Market Overview

Trade War: The Currency Paralysis Will Continue Until The Negotiations Conclude

Trade War: The Currency Paralysis Will Continue Until The Negotiations Conclude

Currency traders may wonder if they are being punished.

Since late last October trend has vanished from the FX Markets. There seems to be a new law of foreign exchange markets--Every sustained movement will be met by an equal and opposite reversal, (apologies to I. Newton).

From the end of October to the beginning of March, more than four months, the euro traded in a two figure range against the US dollar, from 1.1500 to 1.1200. Since then the spread has been from 1.1200 to 1.1400. The slight negative euro bias from the start of the period to then end cannot be called a direction.  


The yen has been more mobile with a range of 114.00 to 107.00 but the result has been the same. On October 26th the USD/JPY closed at 111.88. As of this writing it is trading at 111.53.

Sterling (GBP/USD) has moved between 1.3300 and 1.2600, trading down to December and higher in the New Year. The result has been yet more of the same.  On November 1st the sterling closed at 1.3015.  It is at 1.3065 on the afternoon of April 8th.

Dollar/Swiss, (USD/CHF) was at 1.0084 on October 31st. Currently it is 0.9991. The Australian Dollar (AUD/USD) finished November 1st at 0.7206 against the US Dollar. It is now 0.7128. The New Zealand Dollar (NZD/USD) was at 0.6886 on November 1st, April 8th sees it at 0.6746.

Of the majors the Dollar/Canada (USD/CAD) is the closest thing to an exception. On November 1st it finished at 1.3086, it is now at 1.3311.  

Despite the absence of a market response the last five months have not been devoid of events or surprises.

The Federal Reserve raised its base rate in December and reversed policy six weeks later. The growth rate of the US economy halved over six months from 4.2% annualized in the second quarter to 2.2% in the fourth while the American job machine continued to churn. Unemployment stayed below 4% and for many groups was at historical lows. Initial jobless claims sank to levels not seen in 50 years. Consumer optimism was buoyant but retail sales plunged in the Christmas shopping season.

In Europe the ECB began an economic support loan program just months after ending its financial crisis bond purchases. Italy entered its third recession of the past decade under a Eurosceptic populist government. Germany skirted a technical recession and saw sentiment in its vaunted manufacturing sector drop to its lowest level since the financial crisis.

France erupted in countrywide riots and protests that demolished the popularity of President Macron but offered little in the way of an alternative political or economic program.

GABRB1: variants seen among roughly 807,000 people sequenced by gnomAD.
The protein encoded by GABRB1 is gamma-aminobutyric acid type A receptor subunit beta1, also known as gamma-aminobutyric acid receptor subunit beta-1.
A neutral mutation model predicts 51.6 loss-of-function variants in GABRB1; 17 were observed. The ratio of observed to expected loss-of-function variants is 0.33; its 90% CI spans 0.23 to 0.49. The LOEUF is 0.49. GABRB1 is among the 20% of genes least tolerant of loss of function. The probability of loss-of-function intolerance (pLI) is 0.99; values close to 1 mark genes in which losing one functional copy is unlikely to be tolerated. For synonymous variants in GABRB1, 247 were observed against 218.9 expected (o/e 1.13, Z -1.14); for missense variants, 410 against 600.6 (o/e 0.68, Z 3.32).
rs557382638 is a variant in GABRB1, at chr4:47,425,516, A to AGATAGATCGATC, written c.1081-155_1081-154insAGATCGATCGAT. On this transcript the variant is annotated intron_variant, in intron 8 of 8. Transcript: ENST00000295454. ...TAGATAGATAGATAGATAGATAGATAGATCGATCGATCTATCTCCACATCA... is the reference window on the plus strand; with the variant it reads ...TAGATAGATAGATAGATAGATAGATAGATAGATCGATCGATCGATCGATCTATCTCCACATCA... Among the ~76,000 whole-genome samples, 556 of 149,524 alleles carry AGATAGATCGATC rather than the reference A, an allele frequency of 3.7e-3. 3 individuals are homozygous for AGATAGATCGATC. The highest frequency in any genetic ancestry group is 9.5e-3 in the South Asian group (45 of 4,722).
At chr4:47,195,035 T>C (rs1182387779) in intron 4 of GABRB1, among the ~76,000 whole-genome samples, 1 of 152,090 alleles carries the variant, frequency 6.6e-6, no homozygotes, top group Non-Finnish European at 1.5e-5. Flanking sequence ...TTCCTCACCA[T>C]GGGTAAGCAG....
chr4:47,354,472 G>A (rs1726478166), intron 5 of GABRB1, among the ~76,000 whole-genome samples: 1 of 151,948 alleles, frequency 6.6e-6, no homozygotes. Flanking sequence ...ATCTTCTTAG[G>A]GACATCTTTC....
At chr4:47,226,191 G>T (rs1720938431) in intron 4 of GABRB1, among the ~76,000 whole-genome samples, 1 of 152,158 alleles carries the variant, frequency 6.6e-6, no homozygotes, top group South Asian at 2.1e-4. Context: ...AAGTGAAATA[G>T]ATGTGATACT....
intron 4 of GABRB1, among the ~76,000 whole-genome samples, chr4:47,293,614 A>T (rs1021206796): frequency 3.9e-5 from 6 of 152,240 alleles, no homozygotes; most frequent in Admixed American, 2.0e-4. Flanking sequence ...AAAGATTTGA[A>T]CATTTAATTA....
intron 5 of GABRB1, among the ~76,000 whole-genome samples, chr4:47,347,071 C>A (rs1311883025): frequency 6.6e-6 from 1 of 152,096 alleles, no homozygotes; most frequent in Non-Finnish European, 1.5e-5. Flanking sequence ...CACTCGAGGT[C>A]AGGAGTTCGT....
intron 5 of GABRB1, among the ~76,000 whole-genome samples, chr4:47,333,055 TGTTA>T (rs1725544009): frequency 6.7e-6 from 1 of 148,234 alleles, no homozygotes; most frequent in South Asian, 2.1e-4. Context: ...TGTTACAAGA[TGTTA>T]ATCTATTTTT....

Great Britain continued to tie itself in political and Parliamentarian knots over Brexit.  Almost three years after the departure vote on June 24th 2016, there is still no plan for leaving the European Union, for staying, or even for how to decide its future.

China’s industrial output, exports and growth rates sagged to levels not seen since the financial crisis as Beijing poured money into its economy and tried to manage its trade dispute with the United States without terrorizing its own or the global economy.

In less confused times any one or two of these developments would have sent currencies into motion.  

Two unusual situations have kept the markets from enacting a new scenario to replace the strong dollar creed of the last two years.  The first is in the EU, the second is in China.

Economic growth in the US and the EU has moved out of phase.  The US is expanding and has the economic and rate cushion to maintain its pattern regardless of what happens globally. The EU has neither. Its growth is below 1% and with the ECB’s main refinancing rate at zero, it has limited and weak options for avoiding a recession.  

In less fraught times the Fed move to a neutral rate policy after three years of tighter money would have taken the supports from under the dollar and sent the euro soaring.  But with the ECB signaling its own return to liquidity provisioning at almost the same time as the Fed the two policy changes have negated each other, leaving the currency markets without direction.

China has a problem born of its rapid ascent into the industrialized world. Despite its export prowess, the mainland’s limited success at developing a domestic market has left its return to stronger growth largely dependent exports, that is, on the resolution of its trade negotiations with the United States.

If the US/China trade talks result in an agreement the relief rally in the global economy will power equities and the dollar. But until the deal is clinched there is no reason to take the US currency higher.

Patience is not a market virtue but prudence is.  

Image sourced from Pixabay


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